With their neighborhood centers, the company has taken the approach that even in the same market, consumers may have different tastes. In Irvine’s properties, similar retailers can co-exist and succeed because of the diversity and density of an affluent customer base.
Collings points to two centers, Alton Square and Oak Creek Village, that are located across the street from each other in Irvine. The two centers are both grocery- and drugstore-anchored, but both provide a different experience for the market. Alton Square is anchored by Ralphs, while Oak Creek Village is anchored by Gelson’s Market.
“One side has a more specialized grocer with a little higher price point, while the other is a more traditional grocer,” says Collings. “Both are very successful. The one conversation that we rarely have to have with retailers is about cannibalization of the market.”
Irvine Company is able to do multi-store expansions for retailers within its portfolio, so that a retailer who is new to the Orange County market can present itself to the multiple demographics in the trade area.
“If a retailer wants to do a four-store package in Orange County, we can do that in such a way so that they can be in four different points and in neighborhoods and business corridors,” says Collings. “They can own the market. I don’t know of another landlord in California that can offer that opportunity.”
Bolstering Irvine Company Retail Properties’ sales is the wealth that exists in the market. Newport Beach was recently rated the most affluent community in the United States by portfolio.com. About 30 percent of the city’s households earn more than $200,000 per year; median home value in Newport Beach is greater than $1 million. The city of Irvine boasts a number of strong office tenants and a university atmosphere. The public schools in Irvine are consistently rated among the best in the country. The city is also rated the Number 1 safest city in the nation for the eighth straight year.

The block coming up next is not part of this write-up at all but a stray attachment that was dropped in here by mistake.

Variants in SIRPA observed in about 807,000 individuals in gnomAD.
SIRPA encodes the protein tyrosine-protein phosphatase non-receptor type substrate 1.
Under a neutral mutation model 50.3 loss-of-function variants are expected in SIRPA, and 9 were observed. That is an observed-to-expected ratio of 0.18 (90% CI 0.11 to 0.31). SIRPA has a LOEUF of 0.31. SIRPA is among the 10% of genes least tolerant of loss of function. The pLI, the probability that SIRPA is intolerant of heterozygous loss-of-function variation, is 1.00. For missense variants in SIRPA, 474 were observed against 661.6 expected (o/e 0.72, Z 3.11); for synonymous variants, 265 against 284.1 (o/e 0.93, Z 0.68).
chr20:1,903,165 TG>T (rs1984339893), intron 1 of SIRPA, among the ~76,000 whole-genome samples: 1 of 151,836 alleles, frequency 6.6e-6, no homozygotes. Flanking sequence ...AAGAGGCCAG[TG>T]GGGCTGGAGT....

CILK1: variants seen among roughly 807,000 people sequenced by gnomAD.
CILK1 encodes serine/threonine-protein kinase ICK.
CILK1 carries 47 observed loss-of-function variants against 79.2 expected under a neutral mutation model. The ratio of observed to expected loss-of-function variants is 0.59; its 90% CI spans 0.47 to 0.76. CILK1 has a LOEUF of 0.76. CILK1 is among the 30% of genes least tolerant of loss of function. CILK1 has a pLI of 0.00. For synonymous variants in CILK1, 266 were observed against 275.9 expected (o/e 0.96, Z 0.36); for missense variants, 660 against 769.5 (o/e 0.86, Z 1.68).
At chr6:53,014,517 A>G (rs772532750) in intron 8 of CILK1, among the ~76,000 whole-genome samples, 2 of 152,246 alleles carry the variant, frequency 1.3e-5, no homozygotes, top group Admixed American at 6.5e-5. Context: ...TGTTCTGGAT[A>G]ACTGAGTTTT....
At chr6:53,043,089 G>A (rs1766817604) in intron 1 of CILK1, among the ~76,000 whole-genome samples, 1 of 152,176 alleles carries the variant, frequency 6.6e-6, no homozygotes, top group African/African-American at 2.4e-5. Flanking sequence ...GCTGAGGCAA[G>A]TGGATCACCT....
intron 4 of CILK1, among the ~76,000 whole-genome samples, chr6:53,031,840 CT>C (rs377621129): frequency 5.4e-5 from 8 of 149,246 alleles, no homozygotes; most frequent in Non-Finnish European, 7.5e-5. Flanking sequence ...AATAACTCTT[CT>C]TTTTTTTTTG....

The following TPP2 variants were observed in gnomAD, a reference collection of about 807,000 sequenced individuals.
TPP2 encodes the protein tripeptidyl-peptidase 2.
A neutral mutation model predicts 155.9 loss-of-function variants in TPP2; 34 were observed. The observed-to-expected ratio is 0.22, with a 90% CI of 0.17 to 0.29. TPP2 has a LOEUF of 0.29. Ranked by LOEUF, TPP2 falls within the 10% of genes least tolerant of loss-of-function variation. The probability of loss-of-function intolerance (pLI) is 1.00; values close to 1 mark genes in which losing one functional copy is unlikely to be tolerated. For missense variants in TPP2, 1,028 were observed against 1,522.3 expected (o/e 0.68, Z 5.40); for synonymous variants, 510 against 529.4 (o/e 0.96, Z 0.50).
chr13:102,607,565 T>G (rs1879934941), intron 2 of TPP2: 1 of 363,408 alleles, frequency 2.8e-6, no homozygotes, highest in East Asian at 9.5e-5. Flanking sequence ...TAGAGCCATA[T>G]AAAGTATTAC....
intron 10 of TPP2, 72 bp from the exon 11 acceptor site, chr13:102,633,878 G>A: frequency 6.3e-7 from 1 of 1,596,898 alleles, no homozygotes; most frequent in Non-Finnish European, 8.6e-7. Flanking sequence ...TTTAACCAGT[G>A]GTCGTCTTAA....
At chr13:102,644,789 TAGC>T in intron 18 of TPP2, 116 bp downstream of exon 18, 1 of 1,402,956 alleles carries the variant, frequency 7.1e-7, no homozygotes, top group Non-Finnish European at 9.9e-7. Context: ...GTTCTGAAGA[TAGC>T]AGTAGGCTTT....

The performance of Irvine Company Retail Properties’ portfolio reflects those demographics. The company’s portfolio is 96 percent leased.
“Independent retailers want to locate where they know they can do business,” says Collings. “The more independent retailers and franchisees like to locate near our successful grocery and drug anchors. Some have just staggering volumes.”
While Irvine Company continues to develop the original ranch property, it is also growing in other markets. On the Irvine Ranch, the company is developing a 3,700-unit apartment complex a few blocks from Irvine Spectrum Center in phases. Currently, 1,700 units are under construction in the first phase. Irvine owns a 14-acre site across from that development where it eventually plans to build a 115,000-square-foot neighborhood retail center. The project is adjacent to Interstate 405, and about 250,000 cars pass the site every day.
Beyond Orange County, the company has purchased and developed many projects in a variety of asset classes. Its sole retail asset outside of Orange County is Cherry Orchard Shopping Center, a neighborhood center anchored by Trader Joe’s, in Sunnyvale, California. The company has expanded its office holdings, where it owns buildings in San Diego, Silicon Valley, Los Angeles and Chicago, in addition to many in Orange County. The company’s apartment business, which concentrates on the California markets of Orange County, Los Angeles, San Diego and Silicon Valley, is booming.
“Our attention to the physical beauty of our retail properties, quality tenant mix, and providing a remarkable shopping experience is reflective of the pride that Irvine Company Retail Properties takes in setting the bar higher,” says Sheridan. “It’s the reason the company has created retail centers that are among the most popular in America.”
— Randall Shearin